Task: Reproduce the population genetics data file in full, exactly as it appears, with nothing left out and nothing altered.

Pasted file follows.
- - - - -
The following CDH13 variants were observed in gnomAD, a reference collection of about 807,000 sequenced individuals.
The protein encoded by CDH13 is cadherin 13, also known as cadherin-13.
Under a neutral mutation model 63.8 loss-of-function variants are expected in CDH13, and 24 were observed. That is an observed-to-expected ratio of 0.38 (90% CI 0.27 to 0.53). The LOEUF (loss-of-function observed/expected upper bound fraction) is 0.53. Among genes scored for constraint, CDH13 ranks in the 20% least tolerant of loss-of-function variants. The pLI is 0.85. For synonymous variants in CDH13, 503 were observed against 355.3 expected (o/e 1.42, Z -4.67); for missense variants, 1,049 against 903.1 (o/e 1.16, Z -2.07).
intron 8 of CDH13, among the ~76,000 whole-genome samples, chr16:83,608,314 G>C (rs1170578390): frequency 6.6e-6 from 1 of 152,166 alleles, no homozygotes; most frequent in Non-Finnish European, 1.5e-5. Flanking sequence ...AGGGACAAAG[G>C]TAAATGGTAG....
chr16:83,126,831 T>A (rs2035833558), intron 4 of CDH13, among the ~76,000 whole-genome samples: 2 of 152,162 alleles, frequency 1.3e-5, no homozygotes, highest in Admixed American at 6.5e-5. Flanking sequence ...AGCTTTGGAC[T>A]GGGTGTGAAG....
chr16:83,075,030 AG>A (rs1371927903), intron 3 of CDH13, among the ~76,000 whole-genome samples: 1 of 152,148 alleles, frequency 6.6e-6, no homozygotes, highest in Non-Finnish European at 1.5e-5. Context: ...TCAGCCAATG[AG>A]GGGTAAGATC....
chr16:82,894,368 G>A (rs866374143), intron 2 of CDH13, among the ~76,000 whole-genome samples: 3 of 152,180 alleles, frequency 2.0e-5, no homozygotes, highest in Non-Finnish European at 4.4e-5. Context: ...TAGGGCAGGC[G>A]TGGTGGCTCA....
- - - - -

The following CDH13 variants were observed in gnomAD, a reference collection of about 807,000 sequenced individuals.
The protein encoded by CDH13 is cadherin 13, also known as cadherin-13.
Under a neutral mutation model 63.8 loss-of-function variants are expected in CDH13, and 24 were observed. That is an observed-to-expected ratio of 0.38 (90% CI 0.27 to 0.53). The LOEUF (loss-of-function observed/expected upper bound fraction) is 0.53. Among genes scored for constraint, CDH13 ranks in the 20% least tolerant of loss-of-function variants. The pLI is 0.85. For synonymous variants in CDH13, 503 were observed against 355.3 expected (o/e 1.42, Z -4.67); for missense variants, 1,049 against 903.1 (o/e 1.16, Z -2.07).
intron 8 of CDH13, among the ~76,000 whole-genome samples, chr16:83,608,314 G>C (rs1170578390): frequency 6.6e-6 from 1 of 152,166 alleles, no homozygotes; most frequent in Non-Finnish European, 1.5e-5. Flanking sequence ...AGGGACAAAG[G>C]TAAATGGTAG....
chr16:83,126,831 T>A (rs2035833558), intron 4 of CDH13, among the ~76,000 whole-genome samples: 2 of 152,162 alleles, frequency 1.3e-5, no homozygotes, highest in Admixed American at 6.5e-5. Flanking sequence ...AGCTTTGGAC[T>A]GGGTGTGAAG....
chr16:83,075,030 AG>A (rs1371927903), intron 3 of CDH13, among the ~76,000 whole-genome samples: 1 of 152,148 alleles, frequency 6.6e-6, no homozygotes, highest in Non-Finnish European at 1.5e-5. Context: ...TCAGCCAATG[AG>A]GGGTAAGATC....
chr16:82,894,368 G>A (rs866374143), intron 2 of CDH13, among the ~76,000 whole-genome samples: 3 of 152,180 alleles, frequency 2.0e-5, no homozygotes, highest in Non-Finnish European at 4.4e-5. Context: ...TAGGGCAGGC[G>A]TGGTGGCTCA....